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Lockout looms over 2012 Super Bowl

In 1994, a baseball strike scuttled the World Series. In many ways, the sport is still undoing the damage nearly 16 years later. Earlier this decade, the NHL flushed an entire season via an owner-imposed lockout, and the sport’s popularity has languished ever since, with only a recent hint of real momentum.

The NFL has endured two in-season work stoppages since the AFL-NFL merger. In both cases, strikes launched by the players ended well before it was time to play the Super Bowl. And when it’s time to remember the Super Bowls that capped the 1982 and 1987 seasons -- both of which were won by the Redskins -- no one applies an asterisk or any other mark to the fact that the greatest sport’s greatest game was played.

Some think the Mayans predicted that the world will end in December 2012. For football fans, it very well could be the right year but the wrong month, if a lockout imposed next year lasts through the season and cancels the postseason.

While visiting on Saturday the training camp of the Colts, whose stadium is scheduled to host Super Bowl XLVI, Commissioner Roger Goodell said that he expects the game to be played. And all of the headlines we’ve seen trumpet that fact, creating the impression that it will happen.

But the entire quote seems far more ominous.

“I do believe there will be a Super Bowl in Indianapolis in 2012,” Goodell said. “If not, we’ll work on that.”

Why even say “if not” if the possibility is not real enough to acknowledge?

And if the “if not” occurs, it’ll happen because of an owner-imposed lockout. Nearly three weeks ago, NFLPA Executive Director De Smith vowed in an appearance on The Dan Patrick Show that there will be no strike.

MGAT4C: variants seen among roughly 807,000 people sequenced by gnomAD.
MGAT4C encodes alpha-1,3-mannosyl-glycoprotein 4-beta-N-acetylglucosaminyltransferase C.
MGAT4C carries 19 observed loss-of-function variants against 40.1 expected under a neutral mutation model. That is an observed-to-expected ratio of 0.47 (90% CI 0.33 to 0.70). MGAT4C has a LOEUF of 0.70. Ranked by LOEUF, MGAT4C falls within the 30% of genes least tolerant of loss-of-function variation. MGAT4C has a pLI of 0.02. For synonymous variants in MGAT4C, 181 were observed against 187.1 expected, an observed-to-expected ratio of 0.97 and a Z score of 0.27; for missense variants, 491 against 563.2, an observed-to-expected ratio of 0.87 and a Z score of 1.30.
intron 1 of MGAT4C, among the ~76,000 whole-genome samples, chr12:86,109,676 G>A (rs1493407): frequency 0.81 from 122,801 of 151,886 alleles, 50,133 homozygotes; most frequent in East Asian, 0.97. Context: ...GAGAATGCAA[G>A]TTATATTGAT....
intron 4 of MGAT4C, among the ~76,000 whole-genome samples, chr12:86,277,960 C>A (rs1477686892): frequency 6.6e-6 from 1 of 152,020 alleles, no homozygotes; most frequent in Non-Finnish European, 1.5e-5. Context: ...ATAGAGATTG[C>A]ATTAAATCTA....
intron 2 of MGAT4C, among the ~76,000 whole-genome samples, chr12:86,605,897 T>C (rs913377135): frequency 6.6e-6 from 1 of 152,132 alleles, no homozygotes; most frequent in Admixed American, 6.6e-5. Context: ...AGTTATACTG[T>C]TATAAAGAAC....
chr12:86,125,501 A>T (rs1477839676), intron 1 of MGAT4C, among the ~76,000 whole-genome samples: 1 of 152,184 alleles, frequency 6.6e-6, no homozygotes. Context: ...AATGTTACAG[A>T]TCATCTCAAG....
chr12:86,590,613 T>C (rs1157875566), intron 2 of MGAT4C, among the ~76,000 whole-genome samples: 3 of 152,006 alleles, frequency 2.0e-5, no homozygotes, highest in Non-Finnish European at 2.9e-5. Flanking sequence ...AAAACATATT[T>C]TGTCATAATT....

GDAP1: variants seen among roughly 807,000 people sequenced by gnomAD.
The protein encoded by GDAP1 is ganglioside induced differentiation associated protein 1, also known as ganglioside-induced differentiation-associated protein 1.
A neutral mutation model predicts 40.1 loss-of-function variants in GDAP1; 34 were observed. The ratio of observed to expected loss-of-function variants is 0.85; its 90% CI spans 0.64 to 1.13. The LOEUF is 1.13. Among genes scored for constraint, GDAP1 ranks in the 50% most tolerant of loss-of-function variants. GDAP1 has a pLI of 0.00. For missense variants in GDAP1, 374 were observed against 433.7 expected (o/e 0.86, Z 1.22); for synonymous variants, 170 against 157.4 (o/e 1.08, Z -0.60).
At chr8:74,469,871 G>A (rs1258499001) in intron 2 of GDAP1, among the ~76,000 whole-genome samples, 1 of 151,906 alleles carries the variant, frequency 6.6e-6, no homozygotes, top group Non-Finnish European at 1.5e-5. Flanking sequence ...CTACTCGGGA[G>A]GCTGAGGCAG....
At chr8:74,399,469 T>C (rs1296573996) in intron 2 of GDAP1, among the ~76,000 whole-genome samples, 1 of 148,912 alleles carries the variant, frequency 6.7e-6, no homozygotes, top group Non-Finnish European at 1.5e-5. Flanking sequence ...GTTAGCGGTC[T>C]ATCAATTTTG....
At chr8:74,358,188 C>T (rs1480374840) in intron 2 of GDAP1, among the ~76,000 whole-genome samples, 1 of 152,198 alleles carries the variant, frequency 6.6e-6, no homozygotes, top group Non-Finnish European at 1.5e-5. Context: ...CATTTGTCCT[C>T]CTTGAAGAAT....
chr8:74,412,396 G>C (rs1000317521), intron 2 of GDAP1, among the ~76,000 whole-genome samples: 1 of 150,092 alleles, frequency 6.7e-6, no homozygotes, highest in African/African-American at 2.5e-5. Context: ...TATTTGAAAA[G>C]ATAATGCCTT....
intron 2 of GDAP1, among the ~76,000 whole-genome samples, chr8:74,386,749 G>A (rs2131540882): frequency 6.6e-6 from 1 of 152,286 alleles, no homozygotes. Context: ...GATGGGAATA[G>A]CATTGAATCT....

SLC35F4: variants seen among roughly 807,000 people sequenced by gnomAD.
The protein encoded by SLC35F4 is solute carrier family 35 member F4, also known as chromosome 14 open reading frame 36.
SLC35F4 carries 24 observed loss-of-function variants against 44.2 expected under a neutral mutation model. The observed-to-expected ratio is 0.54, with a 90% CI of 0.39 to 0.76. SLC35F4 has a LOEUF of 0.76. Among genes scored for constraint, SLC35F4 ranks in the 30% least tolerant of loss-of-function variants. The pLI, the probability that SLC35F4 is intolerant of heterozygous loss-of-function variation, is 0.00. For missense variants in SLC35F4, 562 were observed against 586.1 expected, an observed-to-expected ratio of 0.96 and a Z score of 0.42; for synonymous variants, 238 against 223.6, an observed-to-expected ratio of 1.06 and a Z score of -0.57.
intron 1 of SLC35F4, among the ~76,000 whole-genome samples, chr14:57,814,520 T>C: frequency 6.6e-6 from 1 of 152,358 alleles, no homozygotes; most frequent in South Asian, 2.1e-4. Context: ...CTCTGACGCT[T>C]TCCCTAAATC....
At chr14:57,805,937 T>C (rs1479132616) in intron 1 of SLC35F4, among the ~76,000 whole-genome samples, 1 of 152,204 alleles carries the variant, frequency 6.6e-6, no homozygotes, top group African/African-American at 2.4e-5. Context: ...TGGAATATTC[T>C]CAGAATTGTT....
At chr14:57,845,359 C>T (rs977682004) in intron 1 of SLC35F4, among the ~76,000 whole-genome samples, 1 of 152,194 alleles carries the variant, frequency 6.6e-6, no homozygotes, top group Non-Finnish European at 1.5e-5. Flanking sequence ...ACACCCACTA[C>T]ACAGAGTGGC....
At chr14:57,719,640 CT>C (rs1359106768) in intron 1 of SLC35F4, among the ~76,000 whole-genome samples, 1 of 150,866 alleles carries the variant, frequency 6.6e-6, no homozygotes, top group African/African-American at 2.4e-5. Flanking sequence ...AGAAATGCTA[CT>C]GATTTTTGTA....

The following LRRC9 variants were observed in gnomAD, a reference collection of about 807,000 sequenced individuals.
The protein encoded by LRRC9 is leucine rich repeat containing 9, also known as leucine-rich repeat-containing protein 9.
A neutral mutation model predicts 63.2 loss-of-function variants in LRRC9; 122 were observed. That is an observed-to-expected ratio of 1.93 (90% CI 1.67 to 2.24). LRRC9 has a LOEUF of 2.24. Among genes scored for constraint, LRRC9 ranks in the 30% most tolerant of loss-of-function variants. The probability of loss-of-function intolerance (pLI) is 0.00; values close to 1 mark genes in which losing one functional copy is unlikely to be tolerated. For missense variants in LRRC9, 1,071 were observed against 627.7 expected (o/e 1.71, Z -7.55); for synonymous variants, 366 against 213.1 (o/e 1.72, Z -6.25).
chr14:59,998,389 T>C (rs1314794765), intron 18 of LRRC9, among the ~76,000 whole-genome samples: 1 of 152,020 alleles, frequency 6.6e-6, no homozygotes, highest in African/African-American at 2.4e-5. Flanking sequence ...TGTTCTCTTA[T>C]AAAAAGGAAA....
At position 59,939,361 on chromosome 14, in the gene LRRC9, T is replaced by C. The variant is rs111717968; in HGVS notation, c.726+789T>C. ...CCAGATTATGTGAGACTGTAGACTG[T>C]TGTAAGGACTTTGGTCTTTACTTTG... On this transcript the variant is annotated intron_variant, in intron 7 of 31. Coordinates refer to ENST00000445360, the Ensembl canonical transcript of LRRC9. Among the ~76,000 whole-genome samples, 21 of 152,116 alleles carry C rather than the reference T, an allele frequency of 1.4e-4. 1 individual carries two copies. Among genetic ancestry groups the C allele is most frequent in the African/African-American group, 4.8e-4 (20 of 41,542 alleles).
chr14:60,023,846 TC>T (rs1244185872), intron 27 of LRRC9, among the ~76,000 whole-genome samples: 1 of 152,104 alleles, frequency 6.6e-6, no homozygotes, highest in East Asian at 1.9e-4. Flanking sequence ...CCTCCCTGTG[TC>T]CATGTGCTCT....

When I had a chance to interview Goodell during Friday’s edition of that same show, my list of potential questions included a reference to Smith’s remarks and an opportunity for Goodell to similarly guarantee that there will be no lockout. In the whirlwind of questions and answers and possible follow-up questions (expertly suggested by Executive Producer Paul Pabst), we ran out of time before I could put that specific question on the table.

As it turns out, I didn’t need to. By leaving the door open for the Super Bowl to not be played, Goodell has answered the question.

He can’t guarantee there won’t be a lockout.

He can’t guarantee it because, in the end, it’s completely out of his hands. He can lobby the owners and attempt to build bridges and mend fences, but if the 32 folks who employ him decide they’re going forward with a lockout -- and if the players somehow manage not to cave for an entire season -- then come February 2012 Lucas Oil Stadium won’t need to turn the light on, either for the Super Bowl or possibly for the Scouting Combine.

Hopefully, the mood created this Hall of Fame weekend will serve as the springboard to get these two sides laying the foundation for cordial, professional, win-win negotiations. New inductee Rickey Jackson made his position known on the matter last night, and we can only hope that something in the Canton air will help get this thing on track before the greatest sport on the planet goes down a path from which it will take many years to recover.